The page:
Sensitivity exercise 8: Debbie Ramsey recommends practicing with both partners grasping a man's tie (or a piece of rope) rather than each other's hands directly to help the leaders understand how to lead from their centers and to help the followers understand how to stay within that lead. (For you physics and engineering types, a rope is a tension-only, 2-force member; the line of action can only lie along a straight line drawn from endpoint to endpoint.) Since a tie will go slack if there is no tension on it, it is readily apparent when "leverage" connection is lost.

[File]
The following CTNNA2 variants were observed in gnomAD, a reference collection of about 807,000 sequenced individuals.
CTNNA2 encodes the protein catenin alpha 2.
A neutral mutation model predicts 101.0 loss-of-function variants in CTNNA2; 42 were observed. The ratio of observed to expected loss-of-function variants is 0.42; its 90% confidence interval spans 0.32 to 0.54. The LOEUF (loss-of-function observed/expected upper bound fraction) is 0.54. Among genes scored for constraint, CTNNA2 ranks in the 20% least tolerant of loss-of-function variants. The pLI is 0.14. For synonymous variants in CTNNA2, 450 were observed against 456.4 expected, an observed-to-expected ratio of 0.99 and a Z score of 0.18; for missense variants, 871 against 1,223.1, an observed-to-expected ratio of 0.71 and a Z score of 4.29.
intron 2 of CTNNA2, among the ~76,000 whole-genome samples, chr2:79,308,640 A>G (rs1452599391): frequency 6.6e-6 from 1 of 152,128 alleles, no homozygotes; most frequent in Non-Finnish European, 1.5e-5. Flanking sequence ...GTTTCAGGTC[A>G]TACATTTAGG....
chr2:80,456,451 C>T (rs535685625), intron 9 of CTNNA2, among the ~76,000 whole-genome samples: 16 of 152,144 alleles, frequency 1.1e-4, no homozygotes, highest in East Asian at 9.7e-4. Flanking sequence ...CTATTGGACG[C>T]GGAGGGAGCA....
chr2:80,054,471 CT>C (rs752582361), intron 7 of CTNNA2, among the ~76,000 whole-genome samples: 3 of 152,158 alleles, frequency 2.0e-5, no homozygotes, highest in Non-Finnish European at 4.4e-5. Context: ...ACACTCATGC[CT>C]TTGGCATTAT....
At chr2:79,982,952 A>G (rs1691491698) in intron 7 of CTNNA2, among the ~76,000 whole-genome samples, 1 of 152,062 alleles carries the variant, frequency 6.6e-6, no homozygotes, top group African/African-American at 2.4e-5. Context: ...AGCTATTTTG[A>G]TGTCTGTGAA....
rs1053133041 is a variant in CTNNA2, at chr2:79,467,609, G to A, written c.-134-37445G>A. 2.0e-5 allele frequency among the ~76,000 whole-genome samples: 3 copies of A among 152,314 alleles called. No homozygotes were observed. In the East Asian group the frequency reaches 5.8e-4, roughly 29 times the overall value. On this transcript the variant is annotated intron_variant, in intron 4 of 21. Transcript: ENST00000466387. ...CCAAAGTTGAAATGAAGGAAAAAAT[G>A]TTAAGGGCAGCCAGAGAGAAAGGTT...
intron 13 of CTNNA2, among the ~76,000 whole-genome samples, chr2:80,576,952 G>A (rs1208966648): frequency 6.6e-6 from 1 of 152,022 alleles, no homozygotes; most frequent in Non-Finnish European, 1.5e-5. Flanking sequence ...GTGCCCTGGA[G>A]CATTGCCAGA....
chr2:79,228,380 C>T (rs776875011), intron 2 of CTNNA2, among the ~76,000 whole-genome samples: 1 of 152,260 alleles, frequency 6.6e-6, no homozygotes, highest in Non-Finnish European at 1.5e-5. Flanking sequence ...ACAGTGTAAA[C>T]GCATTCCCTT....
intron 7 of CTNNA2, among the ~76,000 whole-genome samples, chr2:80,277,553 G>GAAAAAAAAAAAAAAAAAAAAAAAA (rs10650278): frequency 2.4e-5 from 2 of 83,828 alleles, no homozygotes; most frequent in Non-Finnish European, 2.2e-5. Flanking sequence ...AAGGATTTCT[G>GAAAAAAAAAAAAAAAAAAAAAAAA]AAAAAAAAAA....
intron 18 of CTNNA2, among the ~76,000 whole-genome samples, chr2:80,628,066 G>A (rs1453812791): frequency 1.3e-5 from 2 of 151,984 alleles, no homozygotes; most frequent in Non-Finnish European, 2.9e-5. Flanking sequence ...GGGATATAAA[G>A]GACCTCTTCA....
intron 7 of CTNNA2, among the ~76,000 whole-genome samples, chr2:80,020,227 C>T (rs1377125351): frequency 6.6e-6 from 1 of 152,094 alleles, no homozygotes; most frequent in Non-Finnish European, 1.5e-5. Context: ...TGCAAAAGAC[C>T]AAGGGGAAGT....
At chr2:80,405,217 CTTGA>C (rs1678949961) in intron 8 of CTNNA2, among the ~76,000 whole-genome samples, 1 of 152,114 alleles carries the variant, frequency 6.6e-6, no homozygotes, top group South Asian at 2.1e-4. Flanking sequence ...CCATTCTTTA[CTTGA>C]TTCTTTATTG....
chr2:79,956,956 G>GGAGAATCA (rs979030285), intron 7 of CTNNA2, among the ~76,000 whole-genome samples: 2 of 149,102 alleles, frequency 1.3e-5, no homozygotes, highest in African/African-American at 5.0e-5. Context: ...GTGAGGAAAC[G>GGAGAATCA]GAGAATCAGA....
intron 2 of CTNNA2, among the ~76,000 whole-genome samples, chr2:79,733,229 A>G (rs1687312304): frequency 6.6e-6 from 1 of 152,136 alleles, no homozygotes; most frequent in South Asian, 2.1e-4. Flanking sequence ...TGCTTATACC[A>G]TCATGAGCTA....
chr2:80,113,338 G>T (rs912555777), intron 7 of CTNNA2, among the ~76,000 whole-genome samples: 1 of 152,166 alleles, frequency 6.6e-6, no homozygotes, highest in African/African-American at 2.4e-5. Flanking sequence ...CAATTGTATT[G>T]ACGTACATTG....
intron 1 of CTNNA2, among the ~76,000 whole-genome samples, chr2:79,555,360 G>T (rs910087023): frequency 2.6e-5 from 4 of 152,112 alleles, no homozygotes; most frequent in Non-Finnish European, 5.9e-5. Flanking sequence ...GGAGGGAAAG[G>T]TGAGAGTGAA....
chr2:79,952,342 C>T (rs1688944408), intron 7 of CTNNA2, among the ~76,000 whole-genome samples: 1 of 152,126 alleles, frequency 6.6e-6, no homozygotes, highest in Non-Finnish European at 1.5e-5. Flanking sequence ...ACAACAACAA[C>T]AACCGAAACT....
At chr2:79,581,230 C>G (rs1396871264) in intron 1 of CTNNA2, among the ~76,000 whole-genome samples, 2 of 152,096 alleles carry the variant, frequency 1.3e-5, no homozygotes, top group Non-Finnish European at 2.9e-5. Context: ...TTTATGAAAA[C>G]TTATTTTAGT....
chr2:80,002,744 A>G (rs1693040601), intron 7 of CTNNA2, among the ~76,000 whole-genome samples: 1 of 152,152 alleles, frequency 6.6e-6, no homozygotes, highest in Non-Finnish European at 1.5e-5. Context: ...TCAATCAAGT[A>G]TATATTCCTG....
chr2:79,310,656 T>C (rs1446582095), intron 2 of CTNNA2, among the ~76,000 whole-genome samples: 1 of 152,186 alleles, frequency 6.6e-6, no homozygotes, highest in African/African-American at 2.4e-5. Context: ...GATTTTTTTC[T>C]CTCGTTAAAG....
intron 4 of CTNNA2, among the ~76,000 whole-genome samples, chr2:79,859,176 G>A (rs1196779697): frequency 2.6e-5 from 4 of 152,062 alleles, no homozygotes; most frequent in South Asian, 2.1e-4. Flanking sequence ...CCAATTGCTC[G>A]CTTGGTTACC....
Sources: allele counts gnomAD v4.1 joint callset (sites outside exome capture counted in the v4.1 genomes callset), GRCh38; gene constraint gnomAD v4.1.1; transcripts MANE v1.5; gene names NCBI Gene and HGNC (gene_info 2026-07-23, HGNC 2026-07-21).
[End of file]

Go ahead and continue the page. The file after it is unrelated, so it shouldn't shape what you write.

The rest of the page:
All of the suggestions on improving dancing are very good. Implied in these suggestions is PRACTICE. This is the single most important thing to do if you want to improve. The more you practice, the more natural the moves become, the more graceful you are, the more desirable a partner you become. Yes, you should know how to do the moves right & that will take some lessons. Take everything you've seen here & add practice, practice, practice. This cannot be over-emphasized. I have seen to many beginners get discouraged but after investigating the facts I would discover that they never practiced and always had an excuse as to why. I practiced a lot at first because I wanted to get to a point where my dancing was comfortable for me and any prospective partner. I prefer to practice by myself at first. I also did not need a studio, instructor, partner for practice purposes. To make the styling, footwork, and even lead feel natural I would always practice it by myself at first. Then polish it up with my instructor later. Consider something one of my dance teachers told me a while back. "Practice doesn't make perfect, practice makes PERMANENT". It takes a lot more time to learn to dance correctly if you spend a lot of time developing bad habits first. Good instructors teach the way they do for a reason. You might ask them what those reasons are. I pride myself on being 100% consistent. Everything that's in our curriculum and on our tapes has a reason, and I can give it to you. Of course, sometimes advanced students can really put you on the spot. But I haven't had one yet that I haven't been able to figure out an answer that was consistent with my basic technique concepts. That's the nice thing about dancing by rules and not by rote. All too many instructors teach things a certain way because that's the way THEY learned it, not because they've really studied it, given it some thought, and decided it was really the right thing to do. A great way to get your money's worth is to ask the teacher what you are doing wrong and WHY his way is right.